selective attention
hallucinations
sensory experiences without sensory stimulation
catatonia
remain motionless for hours and then become agitated
Schizophrenia typically strikes as :
young people are maturing into adulthood
___ tend to be struck earlier, more severely, and slightly more often
men
schizophrenia can appear ___ or ____
suddenly or gradually
Positive symptoms
hallucinations, talk in disorganized or delusional ways, and exhibit inappropriate laughter, tears, or rage
Negative symptoms
toneless voices, expressionless faces, or mute and rigid bodies
One rule holds true: when schizophrenia is a slow-developing process (called chronic, or process, schizophrenia), recovery is ____
doubtful
Men's schizophrenia develops on average ____ years sooner and more often exhibits negative symptoms and chronic schizophrenia
4
_____ schizophrenia is developed rapidly and more likely to be recovered from and be treated with drug therapy
acute (reactive)
Schizophrenics have a six-fold excess for the:
D4 dominion receptor
Dopamine-blocking drugs have no effect on ____ symptoms. Drugs that interfere with _____ receptors can produce schizophrenialike negative symptoms.
negative

glutamate
some with schizophrenia have low brain activity in ____
frontal lobes
When hallucinating, there is vigorous activity in the ____, a structure deep in the brain that filters incoming sensory signals and transmits them to the cortex.
thalamus
People with paranoia have increased activity in the _____
amygdala, a fear-processing center
those with schizophrenia have shrinkage in:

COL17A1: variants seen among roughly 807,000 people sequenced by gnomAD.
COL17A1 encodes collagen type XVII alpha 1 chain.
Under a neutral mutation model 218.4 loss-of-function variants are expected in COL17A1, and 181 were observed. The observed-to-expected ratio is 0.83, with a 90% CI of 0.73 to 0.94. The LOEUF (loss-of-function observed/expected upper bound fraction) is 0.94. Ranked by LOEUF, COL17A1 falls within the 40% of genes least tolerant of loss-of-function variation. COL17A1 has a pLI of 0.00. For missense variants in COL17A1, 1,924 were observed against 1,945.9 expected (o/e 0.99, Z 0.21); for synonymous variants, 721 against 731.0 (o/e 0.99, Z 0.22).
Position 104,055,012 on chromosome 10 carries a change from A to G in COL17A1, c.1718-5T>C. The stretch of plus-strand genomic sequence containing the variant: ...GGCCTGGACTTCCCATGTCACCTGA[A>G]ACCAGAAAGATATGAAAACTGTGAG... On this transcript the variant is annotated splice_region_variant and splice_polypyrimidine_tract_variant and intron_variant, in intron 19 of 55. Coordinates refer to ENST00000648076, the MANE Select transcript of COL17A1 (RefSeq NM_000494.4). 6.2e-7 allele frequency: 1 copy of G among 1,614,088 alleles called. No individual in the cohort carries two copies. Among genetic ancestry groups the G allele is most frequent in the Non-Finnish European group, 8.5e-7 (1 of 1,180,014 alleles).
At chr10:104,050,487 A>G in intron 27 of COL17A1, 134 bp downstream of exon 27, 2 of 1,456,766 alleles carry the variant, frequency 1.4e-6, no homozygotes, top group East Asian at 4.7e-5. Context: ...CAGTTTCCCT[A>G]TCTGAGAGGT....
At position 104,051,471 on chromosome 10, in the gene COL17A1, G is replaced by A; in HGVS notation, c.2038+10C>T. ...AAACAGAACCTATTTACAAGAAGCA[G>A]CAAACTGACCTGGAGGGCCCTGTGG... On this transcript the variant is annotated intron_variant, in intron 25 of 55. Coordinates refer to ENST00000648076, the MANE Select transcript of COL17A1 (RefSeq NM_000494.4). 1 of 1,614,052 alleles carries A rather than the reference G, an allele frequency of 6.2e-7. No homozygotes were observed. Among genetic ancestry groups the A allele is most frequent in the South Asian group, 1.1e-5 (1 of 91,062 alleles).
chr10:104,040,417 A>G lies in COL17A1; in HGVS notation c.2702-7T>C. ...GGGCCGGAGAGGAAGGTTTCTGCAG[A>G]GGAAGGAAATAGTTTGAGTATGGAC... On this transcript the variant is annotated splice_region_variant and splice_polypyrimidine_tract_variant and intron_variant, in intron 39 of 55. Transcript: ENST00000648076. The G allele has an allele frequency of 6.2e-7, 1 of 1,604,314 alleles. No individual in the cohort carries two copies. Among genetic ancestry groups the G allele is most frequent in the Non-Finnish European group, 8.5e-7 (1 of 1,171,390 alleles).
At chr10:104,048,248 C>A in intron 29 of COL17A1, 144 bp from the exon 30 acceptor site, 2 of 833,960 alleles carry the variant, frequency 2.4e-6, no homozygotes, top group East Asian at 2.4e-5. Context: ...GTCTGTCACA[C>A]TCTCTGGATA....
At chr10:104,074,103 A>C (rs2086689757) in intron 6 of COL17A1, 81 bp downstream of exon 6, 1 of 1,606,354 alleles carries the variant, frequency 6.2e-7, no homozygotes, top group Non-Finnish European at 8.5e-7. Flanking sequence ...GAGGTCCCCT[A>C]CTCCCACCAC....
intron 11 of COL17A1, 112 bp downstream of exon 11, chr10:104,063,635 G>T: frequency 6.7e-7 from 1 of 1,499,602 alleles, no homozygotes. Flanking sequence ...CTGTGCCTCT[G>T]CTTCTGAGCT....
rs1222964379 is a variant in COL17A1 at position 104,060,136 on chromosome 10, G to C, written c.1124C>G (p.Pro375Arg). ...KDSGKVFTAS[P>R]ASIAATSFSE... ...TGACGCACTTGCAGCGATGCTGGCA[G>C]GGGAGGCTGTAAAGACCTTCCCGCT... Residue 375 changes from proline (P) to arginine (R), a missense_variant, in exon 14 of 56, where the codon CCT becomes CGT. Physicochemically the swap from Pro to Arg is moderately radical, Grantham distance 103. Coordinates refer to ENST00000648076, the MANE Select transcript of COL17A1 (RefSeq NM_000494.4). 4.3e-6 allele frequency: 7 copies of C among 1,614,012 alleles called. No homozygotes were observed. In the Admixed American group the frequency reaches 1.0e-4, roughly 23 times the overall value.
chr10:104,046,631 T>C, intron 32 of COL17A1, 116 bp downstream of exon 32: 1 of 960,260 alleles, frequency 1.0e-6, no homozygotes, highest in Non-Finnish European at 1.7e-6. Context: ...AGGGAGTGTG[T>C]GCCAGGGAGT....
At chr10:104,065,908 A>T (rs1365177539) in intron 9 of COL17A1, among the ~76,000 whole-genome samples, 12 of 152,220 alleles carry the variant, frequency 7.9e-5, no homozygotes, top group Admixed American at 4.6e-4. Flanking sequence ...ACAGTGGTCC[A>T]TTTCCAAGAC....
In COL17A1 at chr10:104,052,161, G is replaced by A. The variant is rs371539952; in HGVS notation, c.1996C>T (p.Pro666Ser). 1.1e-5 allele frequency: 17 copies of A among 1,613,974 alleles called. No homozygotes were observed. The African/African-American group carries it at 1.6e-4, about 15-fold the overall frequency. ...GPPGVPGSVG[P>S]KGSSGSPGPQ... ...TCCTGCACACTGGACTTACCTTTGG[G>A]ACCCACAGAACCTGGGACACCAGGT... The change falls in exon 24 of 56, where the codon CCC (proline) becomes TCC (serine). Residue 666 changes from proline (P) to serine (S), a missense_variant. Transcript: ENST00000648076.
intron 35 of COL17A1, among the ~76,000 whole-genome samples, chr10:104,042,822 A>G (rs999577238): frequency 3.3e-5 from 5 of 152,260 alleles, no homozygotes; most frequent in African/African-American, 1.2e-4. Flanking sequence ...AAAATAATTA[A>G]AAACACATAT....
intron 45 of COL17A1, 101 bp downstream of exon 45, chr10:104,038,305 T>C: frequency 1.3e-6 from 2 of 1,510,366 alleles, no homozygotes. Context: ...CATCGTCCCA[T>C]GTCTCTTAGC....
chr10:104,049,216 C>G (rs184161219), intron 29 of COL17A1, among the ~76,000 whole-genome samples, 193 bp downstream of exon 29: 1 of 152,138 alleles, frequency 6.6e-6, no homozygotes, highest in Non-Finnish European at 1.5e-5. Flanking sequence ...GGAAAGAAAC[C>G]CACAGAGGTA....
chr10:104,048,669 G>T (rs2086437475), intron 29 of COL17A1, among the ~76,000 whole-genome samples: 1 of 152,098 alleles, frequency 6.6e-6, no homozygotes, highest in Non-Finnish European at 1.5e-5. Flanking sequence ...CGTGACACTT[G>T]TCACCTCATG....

cortex and thalamus
Two known risks factors for schizophrenia are:
low birth weight and oxygen deprivation during delivery.
another possible risk for schizophrenia:

it must be in:
a midpregnancy viral infection that impairs fetal brain development

second trimester
Identical twins have a 1 in _ chance of getting schizophrenia if other twin has it
1 in _ if sibling or parent has it
_ in 10 if placenta is shared
2

10

6
Those who develop schizophrenia were found to have some tendency to ___(2) before the onset of the disorder.
socially withdraw and behave oddly
personality disorders
psychological disorders characterized by inflexible and enduring behavior patterns that impair social functioning
Avoidant personality disorder
expresses anxiety, such as a fearful sensitivity to rejection
Schizoid personality disorder
expresses eccentric behaviors, such as emotionless disengagement
Histrionic personality disorder
exhibits dramatic or impulsive behaviors
Narcissistic personality disorder
self-focused and self-inflating
Antisocial personality disorder
psychological disorders characterized by inflexible and enduring behavior patterns that impair social functioning
Most troubling and heavily researched personality disorder
Antisocial personality disorder
A person (formerly called a sociopath or psychopath) is typically a male whose lack of conscience becomes plan before age 15, as he beings in lie, steal, fight, or display unrestrained sexual behavior.

this describes someone with what?
Antisocial personality disorder
about __(fraction) of antisocial children become antisocial adults
1/2
Violent repeat offenders have ___% less frontal lobe tissue than normal
11
Two combined factors predict antisocial behavior:
childhood maltreatment and a genet hat alters neurotransmitter balance
__% of Americans have a mental disorder any given year
26
Incidence of serious psychological disorder is ___ for those below poverty line
double
Over ___% experience first symptoms by 24.
75
The symptoms of antisocial personality disorder and of phobias are among the earliest to appear, at a median age of __ and __, respectively.
8 and 10
ymptoms of alcohol dependency, obsessive-compulsive disorder, bipolar disorder, and schizophrenia have a median age of __
20
Major depression has a median age of __
25